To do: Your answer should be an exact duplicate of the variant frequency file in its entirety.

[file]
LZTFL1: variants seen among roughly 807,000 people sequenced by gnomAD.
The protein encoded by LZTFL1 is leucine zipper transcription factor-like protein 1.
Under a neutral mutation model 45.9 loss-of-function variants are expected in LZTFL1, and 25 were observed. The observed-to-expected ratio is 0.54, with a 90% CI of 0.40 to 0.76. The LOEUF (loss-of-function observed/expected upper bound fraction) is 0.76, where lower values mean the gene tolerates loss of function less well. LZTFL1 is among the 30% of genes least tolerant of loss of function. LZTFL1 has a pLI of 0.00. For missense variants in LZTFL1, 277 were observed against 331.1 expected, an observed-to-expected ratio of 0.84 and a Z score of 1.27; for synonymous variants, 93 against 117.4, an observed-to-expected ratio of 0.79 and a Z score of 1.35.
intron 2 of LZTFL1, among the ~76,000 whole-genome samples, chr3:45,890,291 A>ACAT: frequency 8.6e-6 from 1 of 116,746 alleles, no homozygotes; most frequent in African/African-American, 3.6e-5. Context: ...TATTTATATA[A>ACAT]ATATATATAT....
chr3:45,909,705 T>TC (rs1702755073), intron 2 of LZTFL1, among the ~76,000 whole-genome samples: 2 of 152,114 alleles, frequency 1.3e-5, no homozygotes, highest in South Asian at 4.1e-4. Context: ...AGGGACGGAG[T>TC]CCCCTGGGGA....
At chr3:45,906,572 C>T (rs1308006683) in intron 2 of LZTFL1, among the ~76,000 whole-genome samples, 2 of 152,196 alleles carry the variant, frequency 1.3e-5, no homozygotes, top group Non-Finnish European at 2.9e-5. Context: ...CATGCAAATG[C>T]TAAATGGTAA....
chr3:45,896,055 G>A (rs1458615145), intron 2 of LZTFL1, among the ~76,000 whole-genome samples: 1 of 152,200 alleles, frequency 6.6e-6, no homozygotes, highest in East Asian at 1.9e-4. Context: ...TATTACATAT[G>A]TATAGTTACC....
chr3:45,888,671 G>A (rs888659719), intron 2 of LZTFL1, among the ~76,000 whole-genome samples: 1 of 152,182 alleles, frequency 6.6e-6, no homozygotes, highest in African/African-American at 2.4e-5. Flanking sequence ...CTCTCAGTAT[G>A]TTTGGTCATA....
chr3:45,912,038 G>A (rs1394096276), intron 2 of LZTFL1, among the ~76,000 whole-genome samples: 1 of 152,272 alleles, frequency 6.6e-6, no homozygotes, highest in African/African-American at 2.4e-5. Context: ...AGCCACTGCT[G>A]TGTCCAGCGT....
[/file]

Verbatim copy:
LZTFL1: variants seen among roughly 807,000 people sequenced by gnomAD.
The protein encoded by LZTFL1 is leucine zipper transcription factor-like protein 1.
Under a neutral mutation model 45.9 loss-of-function variants are expected in LZTFL1, and 25 were observed. The observed-to-expected ratio is 0.54, with a 90% CI of 0.40 to 0.76. The LOEUF (loss-of-function observed/expected upper bound fraction) is 0.76, where lower values mean the gene tolerates loss of function less well. LZTFL1 is among the 30% of genes least tolerant of loss of function. LZTFL1 has a pLI of 0.00. For missense variants in LZTFL1, 277 were observed against 331.1 expected, an observed-to-expected ratio of 0.84 and a Z score of 1.27; for synonymous variants, 93 against 117.4, an observed-to-expected ratio of 0.79 and a Z score of 1.35.
intron 2 of LZTFL1, among the ~76,000 whole-genome samples, chr3:45,890,291 A>ACAT: frequency 8.6e-6 from 1 of 116,746 alleles, no homozygotes; most frequent in African/African-American, 3.6e-5. Context: ...TATTTATATA[A>ACAT]ATATATATAT....
chr3:45,909,705 T>TC (rs1702755073), intron 2 of LZTFL1, among the ~76,000 whole-genome samples: 2 of 152,114 alleles, frequency 1.3e-5, no homozygotes, highest in South Asian at 4.1e-4. Context: ...AGGGACGGAG[T>TC]CCCCTGGGGA....
At chr3:45,906,572 C>T (rs1308006683) in intron 2 of LZTFL1, among the ~76,000 whole-genome samples, 2 of 152,196 alleles carry the variant, frequency 1.3e-5, no homozygotes, top group Non-Finnish European at 2.9e-5. Context: ...CATGCAAATG[C>T]TAAATGGTAA....
chr3:45,896,055 G>A (rs1458615145), intron 2 of LZTFL1, among the ~76,000 whole-genome samples: 1 of 152,200 alleles, frequency 6.6e-6, no homozygotes, highest in East Asian at 1.9e-4. Context: ...TATTACATAT[G>A]TATAGTTACC....
chr3:45,888,671 G>A (rs888659719), intron 2 of LZTFL1, among the ~76,000 whole-genome samples: 1 of 152,182 alleles, frequency 6.6e-6, no homozygotes, highest in African/African-American at 2.4e-5. Flanking sequence ...CTCTCAGTAT[G>A]TTTGGTCATA....
chr3:45,912,038 G>A (rs1394096276), intron 2 of LZTFL1, among the ~76,000 whole-genome samples: 1 of 152,272 alleles, frequency 6.6e-6, no homozygotes, highest in African/African-American at 2.4e-5. Context: ...AGCCACTGCT[G>A]TGTCCAGCGT....